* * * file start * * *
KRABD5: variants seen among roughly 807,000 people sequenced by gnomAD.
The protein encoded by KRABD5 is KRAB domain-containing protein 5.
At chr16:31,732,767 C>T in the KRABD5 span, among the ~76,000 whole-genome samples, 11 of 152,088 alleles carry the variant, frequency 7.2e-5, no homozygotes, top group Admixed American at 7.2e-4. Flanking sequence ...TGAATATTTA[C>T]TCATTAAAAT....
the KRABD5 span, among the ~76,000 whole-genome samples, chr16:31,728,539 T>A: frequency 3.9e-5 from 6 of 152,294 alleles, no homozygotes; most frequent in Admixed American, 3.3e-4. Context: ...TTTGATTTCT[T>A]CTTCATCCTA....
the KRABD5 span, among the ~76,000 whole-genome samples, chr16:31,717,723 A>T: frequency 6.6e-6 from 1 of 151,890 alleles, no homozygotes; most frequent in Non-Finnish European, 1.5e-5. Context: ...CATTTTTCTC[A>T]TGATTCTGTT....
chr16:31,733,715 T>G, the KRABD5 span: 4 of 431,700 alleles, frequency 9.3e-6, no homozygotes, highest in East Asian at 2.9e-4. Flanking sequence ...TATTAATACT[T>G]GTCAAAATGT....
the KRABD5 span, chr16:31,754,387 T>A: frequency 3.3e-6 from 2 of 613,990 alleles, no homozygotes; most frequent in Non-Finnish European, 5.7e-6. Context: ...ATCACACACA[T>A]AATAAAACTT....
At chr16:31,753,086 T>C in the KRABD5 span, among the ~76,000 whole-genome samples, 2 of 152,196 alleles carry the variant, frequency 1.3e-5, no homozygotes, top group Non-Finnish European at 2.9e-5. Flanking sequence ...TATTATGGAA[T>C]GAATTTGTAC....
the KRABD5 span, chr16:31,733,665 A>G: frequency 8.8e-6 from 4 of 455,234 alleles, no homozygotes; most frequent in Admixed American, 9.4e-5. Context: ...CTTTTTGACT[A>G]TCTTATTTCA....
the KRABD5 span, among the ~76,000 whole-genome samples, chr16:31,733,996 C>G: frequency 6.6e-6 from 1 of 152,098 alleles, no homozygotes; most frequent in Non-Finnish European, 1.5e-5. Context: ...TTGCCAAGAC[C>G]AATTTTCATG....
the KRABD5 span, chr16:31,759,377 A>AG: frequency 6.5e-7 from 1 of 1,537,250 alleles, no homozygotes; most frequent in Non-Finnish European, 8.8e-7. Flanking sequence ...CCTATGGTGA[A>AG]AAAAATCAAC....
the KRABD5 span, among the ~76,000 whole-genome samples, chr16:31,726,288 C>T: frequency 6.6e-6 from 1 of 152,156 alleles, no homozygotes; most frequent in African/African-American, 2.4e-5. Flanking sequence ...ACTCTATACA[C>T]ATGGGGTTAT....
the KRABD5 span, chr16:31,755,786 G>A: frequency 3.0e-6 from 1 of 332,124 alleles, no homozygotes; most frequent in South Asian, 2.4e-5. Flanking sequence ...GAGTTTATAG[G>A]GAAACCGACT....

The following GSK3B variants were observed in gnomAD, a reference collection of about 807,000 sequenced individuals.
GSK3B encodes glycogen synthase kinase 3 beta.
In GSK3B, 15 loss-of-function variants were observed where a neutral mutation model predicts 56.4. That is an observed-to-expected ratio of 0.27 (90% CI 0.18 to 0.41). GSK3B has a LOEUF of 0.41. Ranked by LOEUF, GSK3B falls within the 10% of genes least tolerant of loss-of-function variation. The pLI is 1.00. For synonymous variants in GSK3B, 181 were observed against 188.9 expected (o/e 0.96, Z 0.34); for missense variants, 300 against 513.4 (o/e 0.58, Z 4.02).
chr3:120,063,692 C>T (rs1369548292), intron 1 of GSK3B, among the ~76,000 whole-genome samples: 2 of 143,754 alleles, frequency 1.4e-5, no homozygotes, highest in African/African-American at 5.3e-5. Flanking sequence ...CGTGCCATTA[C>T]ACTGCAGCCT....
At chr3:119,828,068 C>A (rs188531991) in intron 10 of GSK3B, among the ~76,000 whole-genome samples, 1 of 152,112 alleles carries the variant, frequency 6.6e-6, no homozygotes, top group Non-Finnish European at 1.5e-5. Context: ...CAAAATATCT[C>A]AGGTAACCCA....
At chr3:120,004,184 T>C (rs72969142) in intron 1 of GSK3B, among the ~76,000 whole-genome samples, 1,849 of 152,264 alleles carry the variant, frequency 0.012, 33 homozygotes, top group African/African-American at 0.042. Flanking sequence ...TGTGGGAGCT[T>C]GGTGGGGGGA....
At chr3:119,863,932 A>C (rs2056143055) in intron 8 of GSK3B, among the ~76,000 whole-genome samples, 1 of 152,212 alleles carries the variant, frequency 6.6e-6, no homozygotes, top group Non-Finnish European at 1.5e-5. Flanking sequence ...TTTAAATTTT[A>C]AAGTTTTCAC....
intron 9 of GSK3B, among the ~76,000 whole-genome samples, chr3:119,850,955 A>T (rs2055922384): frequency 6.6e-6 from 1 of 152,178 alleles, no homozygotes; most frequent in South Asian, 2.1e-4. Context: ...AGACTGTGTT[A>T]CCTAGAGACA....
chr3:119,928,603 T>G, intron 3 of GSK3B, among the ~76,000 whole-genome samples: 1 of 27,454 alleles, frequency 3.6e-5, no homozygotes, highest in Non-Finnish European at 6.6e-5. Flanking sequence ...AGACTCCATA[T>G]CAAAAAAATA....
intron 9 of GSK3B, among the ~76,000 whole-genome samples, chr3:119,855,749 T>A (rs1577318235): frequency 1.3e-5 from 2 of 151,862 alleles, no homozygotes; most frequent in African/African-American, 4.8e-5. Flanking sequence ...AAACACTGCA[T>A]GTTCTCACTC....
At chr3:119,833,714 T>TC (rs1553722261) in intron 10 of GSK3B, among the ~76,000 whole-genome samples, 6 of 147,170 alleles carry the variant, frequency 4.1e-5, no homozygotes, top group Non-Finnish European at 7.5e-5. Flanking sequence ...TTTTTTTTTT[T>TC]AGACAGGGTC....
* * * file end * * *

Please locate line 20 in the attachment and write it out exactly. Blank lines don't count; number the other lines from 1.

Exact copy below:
At chr3:119,863,932 A>C (rs2056143055) in intron 8 of GSK3B, among the ~76,000 whole-genome samples, 1 of 152,212 alleles carries the variant, frequency 6.6e-6, no homozygotes, top group Non-Finnish European at 1.5e-5. Flanking sequence ...TTTAAATTTT[A>C]AAGTTTTCAC....